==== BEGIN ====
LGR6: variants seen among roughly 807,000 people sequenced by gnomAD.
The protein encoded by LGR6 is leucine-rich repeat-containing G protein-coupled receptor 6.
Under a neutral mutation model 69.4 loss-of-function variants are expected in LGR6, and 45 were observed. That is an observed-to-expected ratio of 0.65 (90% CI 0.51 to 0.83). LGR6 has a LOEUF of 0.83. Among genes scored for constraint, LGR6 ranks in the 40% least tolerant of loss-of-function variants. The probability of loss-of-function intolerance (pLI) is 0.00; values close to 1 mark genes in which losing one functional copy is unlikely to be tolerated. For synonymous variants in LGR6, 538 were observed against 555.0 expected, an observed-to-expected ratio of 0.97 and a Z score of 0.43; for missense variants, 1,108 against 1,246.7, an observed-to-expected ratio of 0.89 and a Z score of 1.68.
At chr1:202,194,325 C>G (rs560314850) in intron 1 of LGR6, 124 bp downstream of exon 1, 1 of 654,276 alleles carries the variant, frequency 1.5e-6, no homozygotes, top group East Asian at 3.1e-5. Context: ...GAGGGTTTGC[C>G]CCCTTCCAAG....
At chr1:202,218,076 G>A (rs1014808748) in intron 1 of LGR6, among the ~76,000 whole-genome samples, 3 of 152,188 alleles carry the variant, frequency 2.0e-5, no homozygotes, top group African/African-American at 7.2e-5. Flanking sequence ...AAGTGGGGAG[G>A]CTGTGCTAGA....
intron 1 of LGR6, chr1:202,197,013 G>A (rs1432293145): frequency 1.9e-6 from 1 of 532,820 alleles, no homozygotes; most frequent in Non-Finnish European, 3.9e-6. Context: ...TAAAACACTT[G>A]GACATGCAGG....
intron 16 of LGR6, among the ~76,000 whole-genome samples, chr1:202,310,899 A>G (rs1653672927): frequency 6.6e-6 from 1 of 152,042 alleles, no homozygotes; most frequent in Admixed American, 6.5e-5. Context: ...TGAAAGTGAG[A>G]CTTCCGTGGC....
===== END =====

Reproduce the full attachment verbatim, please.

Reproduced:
LGR6: variants seen among roughly 807,000 people sequenced by gnomAD.
The protein encoded by LGR6 is leucine-rich repeat-containing G protein-coupled receptor 6.
Under a neutral mutation model 69.4 loss-of-function variants are expected in LGR6, and 45 were observed. That is an observed-to-expected ratio of 0.65 (90% CI 0.51 to 0.83). LGR6 has a LOEUF of 0.83. Among genes scored for constraint, LGR6 ranks in the 40% least tolerant of loss-of-function variants. The probability of loss-of-function intolerance (pLI) is 0.00; values close to 1 mark genes in which losing one functional copy is unlikely to be tolerated. For synonymous variants in LGR6, 538 were observed against 555.0 expected, an observed-to-expected ratio of 0.97 and a Z score of 0.43; for missense variants, 1,108 against 1,246.7, an observed-to-expected ratio of 0.89 and a Z score of 1.68.
At chr1:202,194,325 C>G (rs560314850) in intron 1 of LGR6, 124 bp downstream of exon 1, 1 of 654,276 alleles carries the variant, frequency 1.5e-6, no homozygotes, top group East Asian at 3.1e-5. Context: ...GAGGGTTTGC[C>G]CCCTTCCAAG....
At chr1:202,218,076 G>A (rs1014808748) in intron 1 of LGR6, among the ~76,000 whole-genome samples, 3 of 152,188 alleles carry the variant, frequency 2.0e-5, no homozygotes, top group African/African-American at 7.2e-5. Flanking sequence ...AAGTGGGGAG[G>A]CTGTGCTAGA....
intron 1 of LGR6, chr1:202,197,013 G>A (rs1432293145): frequency 1.9e-6 from 1 of 532,820 alleles, no homozygotes; most frequent in Non-Finnish European, 3.9e-6. Context: ...TAAAACACTT[G>A]GACATGCAGG....
intron 16 of LGR6, among the ~76,000 whole-genome samples, chr1:202,310,899 A>G (rs1653672927): frequency 6.6e-6 from 1 of 152,042 alleles, no homozygotes; most frequent in Admixed American, 6.5e-5. Context: ...TGAAAGTGAG[A>G]CTTCCGTGGC....